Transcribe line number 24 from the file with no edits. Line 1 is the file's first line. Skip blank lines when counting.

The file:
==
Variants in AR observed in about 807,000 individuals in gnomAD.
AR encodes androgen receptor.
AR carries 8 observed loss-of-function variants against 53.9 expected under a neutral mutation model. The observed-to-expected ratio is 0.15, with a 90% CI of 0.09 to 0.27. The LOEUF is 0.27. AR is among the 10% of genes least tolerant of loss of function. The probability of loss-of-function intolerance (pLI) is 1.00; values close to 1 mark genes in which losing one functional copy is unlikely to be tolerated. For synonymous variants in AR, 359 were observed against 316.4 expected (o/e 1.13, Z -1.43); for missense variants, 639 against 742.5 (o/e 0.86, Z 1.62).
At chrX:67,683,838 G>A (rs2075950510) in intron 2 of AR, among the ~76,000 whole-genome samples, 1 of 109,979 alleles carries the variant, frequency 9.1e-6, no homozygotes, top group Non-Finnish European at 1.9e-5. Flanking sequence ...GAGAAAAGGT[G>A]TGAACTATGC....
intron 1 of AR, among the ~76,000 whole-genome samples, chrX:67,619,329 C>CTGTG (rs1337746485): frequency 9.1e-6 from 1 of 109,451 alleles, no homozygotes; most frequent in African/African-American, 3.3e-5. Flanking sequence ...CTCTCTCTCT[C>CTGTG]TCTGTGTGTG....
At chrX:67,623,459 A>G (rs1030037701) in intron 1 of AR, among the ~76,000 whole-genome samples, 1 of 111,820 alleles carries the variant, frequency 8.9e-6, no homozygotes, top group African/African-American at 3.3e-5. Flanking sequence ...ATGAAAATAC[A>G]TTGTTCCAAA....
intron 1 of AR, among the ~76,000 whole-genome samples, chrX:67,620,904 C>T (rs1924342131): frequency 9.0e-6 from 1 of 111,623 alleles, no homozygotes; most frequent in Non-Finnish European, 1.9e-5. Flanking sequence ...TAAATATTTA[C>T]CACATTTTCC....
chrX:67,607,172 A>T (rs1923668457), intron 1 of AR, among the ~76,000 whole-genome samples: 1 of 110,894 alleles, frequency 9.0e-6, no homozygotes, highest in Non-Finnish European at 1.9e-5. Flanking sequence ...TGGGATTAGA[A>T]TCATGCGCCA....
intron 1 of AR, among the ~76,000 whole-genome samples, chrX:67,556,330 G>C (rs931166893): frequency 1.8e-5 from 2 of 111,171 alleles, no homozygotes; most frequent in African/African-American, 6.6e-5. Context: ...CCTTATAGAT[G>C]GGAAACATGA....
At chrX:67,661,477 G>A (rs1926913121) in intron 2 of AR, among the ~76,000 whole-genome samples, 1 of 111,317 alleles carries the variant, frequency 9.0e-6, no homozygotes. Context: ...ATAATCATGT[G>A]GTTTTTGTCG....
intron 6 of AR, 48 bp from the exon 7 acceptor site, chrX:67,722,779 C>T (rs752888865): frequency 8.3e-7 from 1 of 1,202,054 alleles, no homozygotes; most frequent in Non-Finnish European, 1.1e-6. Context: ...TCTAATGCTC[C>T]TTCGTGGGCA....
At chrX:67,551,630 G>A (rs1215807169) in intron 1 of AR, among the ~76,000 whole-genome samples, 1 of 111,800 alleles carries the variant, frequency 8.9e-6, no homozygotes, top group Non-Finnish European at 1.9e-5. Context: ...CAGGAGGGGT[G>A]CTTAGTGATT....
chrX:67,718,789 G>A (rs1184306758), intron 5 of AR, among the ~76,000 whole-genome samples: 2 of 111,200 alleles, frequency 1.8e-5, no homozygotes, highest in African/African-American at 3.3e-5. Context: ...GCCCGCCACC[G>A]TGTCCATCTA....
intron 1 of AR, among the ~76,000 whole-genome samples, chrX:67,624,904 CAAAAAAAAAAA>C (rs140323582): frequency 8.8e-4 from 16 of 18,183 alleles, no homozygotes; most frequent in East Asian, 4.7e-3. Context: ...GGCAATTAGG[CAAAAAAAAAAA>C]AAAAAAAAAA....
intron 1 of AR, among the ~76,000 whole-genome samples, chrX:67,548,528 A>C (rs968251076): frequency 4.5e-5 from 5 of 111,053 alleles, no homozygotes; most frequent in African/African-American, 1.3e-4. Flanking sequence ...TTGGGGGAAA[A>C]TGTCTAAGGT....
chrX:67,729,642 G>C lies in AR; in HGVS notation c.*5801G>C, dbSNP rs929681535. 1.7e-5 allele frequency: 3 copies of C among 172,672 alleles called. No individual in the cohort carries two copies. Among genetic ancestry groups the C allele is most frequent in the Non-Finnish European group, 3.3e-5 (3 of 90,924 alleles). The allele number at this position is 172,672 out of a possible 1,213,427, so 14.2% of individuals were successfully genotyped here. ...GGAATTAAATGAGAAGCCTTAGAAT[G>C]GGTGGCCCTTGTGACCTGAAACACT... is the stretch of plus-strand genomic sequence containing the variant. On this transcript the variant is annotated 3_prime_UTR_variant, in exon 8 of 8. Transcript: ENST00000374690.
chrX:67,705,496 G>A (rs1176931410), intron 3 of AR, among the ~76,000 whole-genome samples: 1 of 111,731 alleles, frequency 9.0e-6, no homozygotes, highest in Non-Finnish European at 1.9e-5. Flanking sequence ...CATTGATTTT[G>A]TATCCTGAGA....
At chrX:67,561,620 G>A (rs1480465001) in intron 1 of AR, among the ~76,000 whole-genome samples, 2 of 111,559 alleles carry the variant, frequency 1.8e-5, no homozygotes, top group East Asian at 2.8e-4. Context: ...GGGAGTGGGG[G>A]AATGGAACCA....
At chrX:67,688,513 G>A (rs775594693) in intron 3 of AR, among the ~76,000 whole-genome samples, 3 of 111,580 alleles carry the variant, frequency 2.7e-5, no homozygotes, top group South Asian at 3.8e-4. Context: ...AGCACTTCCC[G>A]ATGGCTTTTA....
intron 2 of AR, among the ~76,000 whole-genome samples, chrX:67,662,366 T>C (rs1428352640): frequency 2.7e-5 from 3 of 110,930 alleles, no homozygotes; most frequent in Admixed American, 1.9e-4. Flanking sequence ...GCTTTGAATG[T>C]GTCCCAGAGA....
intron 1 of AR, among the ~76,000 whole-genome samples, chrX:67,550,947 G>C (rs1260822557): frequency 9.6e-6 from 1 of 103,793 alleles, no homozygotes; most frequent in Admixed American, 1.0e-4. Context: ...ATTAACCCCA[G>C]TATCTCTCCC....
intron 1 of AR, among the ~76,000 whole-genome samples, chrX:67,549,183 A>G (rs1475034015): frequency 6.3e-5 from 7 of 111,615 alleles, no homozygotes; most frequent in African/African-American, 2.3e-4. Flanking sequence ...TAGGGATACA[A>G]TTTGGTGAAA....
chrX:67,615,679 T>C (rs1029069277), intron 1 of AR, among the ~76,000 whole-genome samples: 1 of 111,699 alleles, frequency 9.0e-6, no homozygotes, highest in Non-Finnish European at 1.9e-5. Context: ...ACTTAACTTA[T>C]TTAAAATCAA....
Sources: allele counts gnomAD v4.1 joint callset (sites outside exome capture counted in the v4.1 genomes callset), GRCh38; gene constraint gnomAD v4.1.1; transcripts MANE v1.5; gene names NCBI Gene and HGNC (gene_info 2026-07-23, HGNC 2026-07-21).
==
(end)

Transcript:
Sources: allele counts gnomAD v4.1 joint callset (sites outside exome capture counted in the v4.1 genomes callset), GRCh38; gene constraint gnomAD v4.1.1; transcripts MANE v1.5; gene names NCBI Gene and HGNC (gene_info 2026-07-23, HGNC 2026-07-21).